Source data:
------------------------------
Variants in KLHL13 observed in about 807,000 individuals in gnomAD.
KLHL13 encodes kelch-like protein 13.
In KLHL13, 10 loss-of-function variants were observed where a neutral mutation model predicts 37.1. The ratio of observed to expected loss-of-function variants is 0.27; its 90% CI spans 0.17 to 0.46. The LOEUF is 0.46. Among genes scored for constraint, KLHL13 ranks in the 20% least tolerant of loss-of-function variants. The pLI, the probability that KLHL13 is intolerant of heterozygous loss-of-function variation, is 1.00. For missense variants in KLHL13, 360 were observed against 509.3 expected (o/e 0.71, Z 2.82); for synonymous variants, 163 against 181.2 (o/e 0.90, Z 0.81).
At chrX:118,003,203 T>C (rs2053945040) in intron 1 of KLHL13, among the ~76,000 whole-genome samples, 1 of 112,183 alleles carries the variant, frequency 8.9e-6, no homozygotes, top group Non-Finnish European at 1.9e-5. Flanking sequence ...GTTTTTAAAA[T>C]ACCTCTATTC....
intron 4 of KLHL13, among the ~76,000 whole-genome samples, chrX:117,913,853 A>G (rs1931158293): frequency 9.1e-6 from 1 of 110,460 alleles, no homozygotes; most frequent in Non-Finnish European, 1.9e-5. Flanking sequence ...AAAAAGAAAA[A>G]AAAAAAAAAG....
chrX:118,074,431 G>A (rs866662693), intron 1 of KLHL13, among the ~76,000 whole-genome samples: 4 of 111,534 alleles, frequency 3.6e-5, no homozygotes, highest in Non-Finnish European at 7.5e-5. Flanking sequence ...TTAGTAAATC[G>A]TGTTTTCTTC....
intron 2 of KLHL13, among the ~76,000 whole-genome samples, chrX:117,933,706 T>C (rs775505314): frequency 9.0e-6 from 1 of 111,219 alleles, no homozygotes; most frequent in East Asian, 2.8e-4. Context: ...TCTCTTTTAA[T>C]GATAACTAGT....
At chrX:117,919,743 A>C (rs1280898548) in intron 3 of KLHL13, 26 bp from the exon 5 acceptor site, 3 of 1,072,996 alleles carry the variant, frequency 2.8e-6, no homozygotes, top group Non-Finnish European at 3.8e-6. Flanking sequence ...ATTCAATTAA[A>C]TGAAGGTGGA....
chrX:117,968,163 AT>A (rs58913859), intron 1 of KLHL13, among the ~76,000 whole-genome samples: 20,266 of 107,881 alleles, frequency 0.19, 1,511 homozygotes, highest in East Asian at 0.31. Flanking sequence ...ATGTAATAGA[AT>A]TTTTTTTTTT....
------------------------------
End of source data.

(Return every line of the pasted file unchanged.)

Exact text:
Variants in KLHL13 observed in about 807,000 individuals in gnomAD.
KLHL13 encodes kelch-like protein 13.
In KLHL13, 10 loss-of-function variants were observed where a neutral mutation model predicts 37.1. The ratio of observed to expected loss-of-function variants is 0.27; its 90% CI spans 0.17 to 0.46. The LOEUF is 0.46. Among genes scored for constraint, KLHL13 ranks in the 20% least tolerant of loss-of-function variants. The pLI, the probability that KLHL13 is intolerant of heterozygous loss-of-function variation, is 1.00. For missense variants in KLHL13, 360 were observed against 509.3 expected (o/e 0.71, Z 2.82); for synonymous variants, 163 against 181.2 (o/e 0.90, Z 0.81).
At chrX:118,003,203 T>C (rs2053945040) in intron 1 of KLHL13, among the ~76,000 whole-genome samples, 1 of 112,183 alleles carries the variant, frequency 8.9e-6, no homozygotes, top group Non-Finnish European at 1.9e-5. Flanking sequence ...GTTTTTAAAA[T>C]ACCTCTATTC....
intron 4 of KLHL13, among the ~76,000 whole-genome samples, chrX:117,913,853 A>G (rs1931158293): frequency 9.1e-6 from 1 of 110,460 alleles, no homozygotes; most frequent in Non-Finnish European, 1.9e-5. Flanking sequence ...AAAAAGAAAA[A>G]AAAAAAAAAG....
chrX:118,074,431 G>A (rs866662693), intron 1 of KLHL13, among the ~76,000 whole-genome samples: 4 of 111,534 alleles, frequency 3.6e-5, no homozygotes, highest in Non-Finnish European at 7.5e-5. Flanking sequence ...TTAGTAAATC[G>A]TGTTTTCTTC....
intron 2 of KLHL13, among the ~76,000 whole-genome samples, chrX:117,933,706 T>C (rs775505314): frequency 9.0e-6 from 1 of 111,219 alleles, no homozygotes; most frequent in East Asian, 2.8e-4. Context: ...TCTCTTTTAA[T>C]GATAACTAGT....
At chrX:117,919,743 A>C (rs1280898548) in intron 3 of KLHL13, 26 bp from the exon 5 acceptor site, 3 of 1,072,996 alleles carry the variant, frequency 2.8e-6, no homozygotes, top group Non-Finnish European at 3.8e-6. Flanking sequence ...ATTCAATTAA[A>C]TGAAGGTGGA....
chrX:117,968,163 AT>A (rs58913859), intron 1 of KLHL13, among the ~76,000 whole-genome samples: 20,266 of 107,881 alleles, frequency 0.19, 1,511 homozygotes, highest in East Asian at 0.31. Flanking sequence ...ATGTAATAGA[AT>A]TTTTTTTTTT....